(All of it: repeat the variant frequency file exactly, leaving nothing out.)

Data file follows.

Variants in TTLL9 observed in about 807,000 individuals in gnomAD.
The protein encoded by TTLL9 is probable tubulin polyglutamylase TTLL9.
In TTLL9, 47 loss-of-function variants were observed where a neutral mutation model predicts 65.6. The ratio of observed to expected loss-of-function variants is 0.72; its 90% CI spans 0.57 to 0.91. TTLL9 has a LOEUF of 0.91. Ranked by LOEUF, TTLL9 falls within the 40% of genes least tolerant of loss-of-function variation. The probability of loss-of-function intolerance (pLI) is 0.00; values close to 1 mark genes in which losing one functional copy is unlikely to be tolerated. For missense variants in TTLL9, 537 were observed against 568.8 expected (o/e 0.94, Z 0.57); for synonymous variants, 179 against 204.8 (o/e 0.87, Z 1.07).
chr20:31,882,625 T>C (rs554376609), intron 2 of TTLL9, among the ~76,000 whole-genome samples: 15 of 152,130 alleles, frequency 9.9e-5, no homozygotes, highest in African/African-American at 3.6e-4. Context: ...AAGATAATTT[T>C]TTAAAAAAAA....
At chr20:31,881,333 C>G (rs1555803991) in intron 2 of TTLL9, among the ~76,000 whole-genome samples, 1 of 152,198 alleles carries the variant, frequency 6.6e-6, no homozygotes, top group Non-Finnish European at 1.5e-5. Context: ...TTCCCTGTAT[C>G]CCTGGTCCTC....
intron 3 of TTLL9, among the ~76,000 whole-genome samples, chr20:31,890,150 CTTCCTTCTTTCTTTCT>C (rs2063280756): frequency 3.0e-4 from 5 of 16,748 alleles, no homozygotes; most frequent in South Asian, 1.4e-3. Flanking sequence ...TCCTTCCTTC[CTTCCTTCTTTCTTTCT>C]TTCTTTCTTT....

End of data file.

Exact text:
Variants in TTLL9 observed in about 807,000 individuals in gnomAD.
The protein encoded by TTLL9 is probable tubulin polyglutamylase TTLL9.
In TTLL9, 47 loss-of-function variants were observed where a neutral mutation model predicts 65.6. The ratio of observed to expected loss-of-function variants is 0.72; its 90% CI spans 0.57 to 0.91. TTLL9 has a LOEUF of 0.91. Ranked by LOEUF, TTLL9 falls within the 40% of genes least tolerant of loss-of-function variation. The probability of loss-of-function intolerance (pLI) is 0.00; values close to 1 mark genes in which losing one functional copy is unlikely to be tolerated. For missense variants in TTLL9, 537 were observed against 568.8 expected (o/e 0.94, Z 0.57); for synonymous variants, 179 against 204.8 (o/e 0.87, Z 1.07).
chr20:31,882,625 T>C (rs554376609), intron 2 of TTLL9, among the ~76,000 whole-genome samples: 15 of 152,130 alleles, frequency 9.9e-5, no homozygotes, highest in African/African-American at 3.6e-4. Context: ...AAGATAATTT[T>C]TTAAAAAAAA....
At chr20:31,881,333 C>G (rs1555803991) in intron 2 of TTLL9, among the ~76,000 whole-genome samples, 1 of 152,198 alleles carries the variant, frequency 6.6e-6, no homozygotes, top group Non-Finnish European at 1.5e-5. Context: ...TTCCCTGTAT[C>G]CCTGGTCCTC....
intron 3 of TTLL9, among the ~76,000 whole-genome samples, chr20:31,890,150 CTTCCTTCTTTCTTTCT>C (rs2063280756): frequency 3.0e-4 from 5 of 16,748 alleles, no homozygotes; most frequent in South Asian, 1.4e-3. Flanking sequence ...TCCTTCCTTC[CTTCCTTCTTTCTTTCT>C]TTCTTTCTTT....